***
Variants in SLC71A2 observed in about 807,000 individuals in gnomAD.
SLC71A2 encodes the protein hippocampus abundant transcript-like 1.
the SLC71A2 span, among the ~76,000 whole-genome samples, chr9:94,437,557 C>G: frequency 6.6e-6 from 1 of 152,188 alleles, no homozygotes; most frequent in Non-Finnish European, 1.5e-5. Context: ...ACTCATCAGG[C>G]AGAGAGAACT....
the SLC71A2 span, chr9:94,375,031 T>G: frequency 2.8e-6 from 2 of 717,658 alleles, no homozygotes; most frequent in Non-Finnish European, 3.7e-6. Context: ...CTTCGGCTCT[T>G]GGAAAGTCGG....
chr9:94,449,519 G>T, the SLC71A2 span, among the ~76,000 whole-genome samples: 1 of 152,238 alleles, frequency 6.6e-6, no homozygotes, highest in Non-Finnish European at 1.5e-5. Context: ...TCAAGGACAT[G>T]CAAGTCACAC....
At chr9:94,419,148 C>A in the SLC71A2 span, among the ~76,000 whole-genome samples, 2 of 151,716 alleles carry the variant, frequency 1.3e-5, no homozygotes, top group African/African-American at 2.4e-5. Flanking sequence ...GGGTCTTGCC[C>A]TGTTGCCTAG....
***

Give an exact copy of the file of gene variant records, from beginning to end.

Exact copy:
Variants in SLC71A2 observed in about 807,000 individuals in gnomAD.
SLC71A2 encodes the protein hippocampus abundant transcript-like 1.
the SLC71A2 span, among the ~76,000 whole-genome samples, chr9:94,437,557 C>G: frequency 6.6e-6 from 1 of 152,188 alleles, no homozygotes; most frequent in Non-Finnish European, 1.5e-5. Context: ...ACTCATCAGG[C>G]AGAGAGAACT....
the SLC71A2 span, chr9:94,375,031 T>G: frequency 2.8e-6 from 2 of 717,658 alleles, no homozygotes; most frequent in Non-Finnish European, 3.7e-6. Context: ...CTTCGGCTCT[T>G]GGAAAGTCGG....
chr9:94,449,519 G>T, the SLC71A2 span, among the ~76,000 whole-genome samples: 1 of 152,238 alleles, frequency 6.6e-6, no homozygotes, highest in Non-Finnish European at 1.5e-5. Context: ...TCAAGGACAT[G>T]CAAGTCACAC....
At chr9:94,419,148 C>A in the SLC71A2 span, among the ~76,000 whole-genome samples, 2 of 151,716 alleles carry the variant, frequency 1.3e-5, no homozygotes, top group African/African-American at 2.4e-5. Flanking sequence ...GGGTCTTGCC[C>A]TGTTGCCTAG....